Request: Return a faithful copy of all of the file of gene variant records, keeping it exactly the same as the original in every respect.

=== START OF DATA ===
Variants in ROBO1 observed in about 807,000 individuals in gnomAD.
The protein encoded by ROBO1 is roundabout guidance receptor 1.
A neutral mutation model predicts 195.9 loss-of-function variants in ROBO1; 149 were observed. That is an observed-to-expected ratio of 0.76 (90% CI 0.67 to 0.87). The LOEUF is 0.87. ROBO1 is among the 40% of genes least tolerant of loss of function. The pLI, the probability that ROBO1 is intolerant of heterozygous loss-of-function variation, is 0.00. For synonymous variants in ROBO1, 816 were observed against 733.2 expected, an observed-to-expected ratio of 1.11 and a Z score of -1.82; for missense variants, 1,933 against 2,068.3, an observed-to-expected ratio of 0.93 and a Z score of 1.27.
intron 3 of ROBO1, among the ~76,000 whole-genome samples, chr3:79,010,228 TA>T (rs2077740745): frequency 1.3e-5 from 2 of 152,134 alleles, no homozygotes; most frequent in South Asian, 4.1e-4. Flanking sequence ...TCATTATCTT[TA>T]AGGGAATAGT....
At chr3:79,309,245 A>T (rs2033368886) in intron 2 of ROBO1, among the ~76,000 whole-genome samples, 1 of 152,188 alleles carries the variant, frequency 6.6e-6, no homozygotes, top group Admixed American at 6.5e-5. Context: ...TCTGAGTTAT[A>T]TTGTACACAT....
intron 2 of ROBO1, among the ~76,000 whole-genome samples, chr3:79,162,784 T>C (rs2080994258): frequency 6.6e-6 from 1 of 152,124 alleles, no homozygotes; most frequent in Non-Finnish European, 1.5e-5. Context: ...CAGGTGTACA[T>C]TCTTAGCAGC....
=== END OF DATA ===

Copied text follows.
Variants in ROBO1 observed in about 807,000 individuals in gnomAD.
The protein encoded by ROBO1 is roundabout guidance receptor 1.
A neutral mutation model predicts 195.9 loss-of-function variants in ROBO1; 149 were observed. That is an observed-to-expected ratio of 0.76 (90% CI 0.67 to 0.87). The LOEUF is 0.87. ROBO1 is among the 40% of genes least tolerant of loss of function. The pLI, the probability that ROBO1 is intolerant of heterozygous loss-of-function variation, is 0.00. For synonymous variants in ROBO1, 816 were observed against 733.2 expected, an observed-to-expected ratio of 1.11 and a Z score of -1.82; for missense variants, 1,933 against 2,068.3, an observed-to-expected ratio of 0.93 and a Z score of 1.27.
intron 3 of ROBO1, among the ~76,000 whole-genome samples, chr3:79,010,228 TA>T (rs2077740745): frequency 1.3e-5 from 2 of 152,134 alleles, no homozygotes; most frequent in South Asian, 4.1e-4. Flanking sequence ...TCATTATCTT[TA>T]AGGGAATAGT....
At chr3:79,309,245 A>T (rs2033368886) in intron 2 of ROBO1, among the ~76,000 whole-genome samples, 1 of 152,188 alleles carries the variant, frequency 6.6e-6, no homozygotes, top group Admixed American at 6.5e-5. Context: ...TCTGAGTTAT[A>T]TTGTACACAT....
intron 2 of ROBO1, among the ~76,000 whole-genome samples, chr3:79,162,784 T>C (rs2080994258): frequency 6.6e-6 from 1 of 152,124 alleles, no homozygotes; most frequent in Non-Finnish European, 1.5e-5. Context: ...CAGGTGTACA[T>C]TCTTAGCAGC....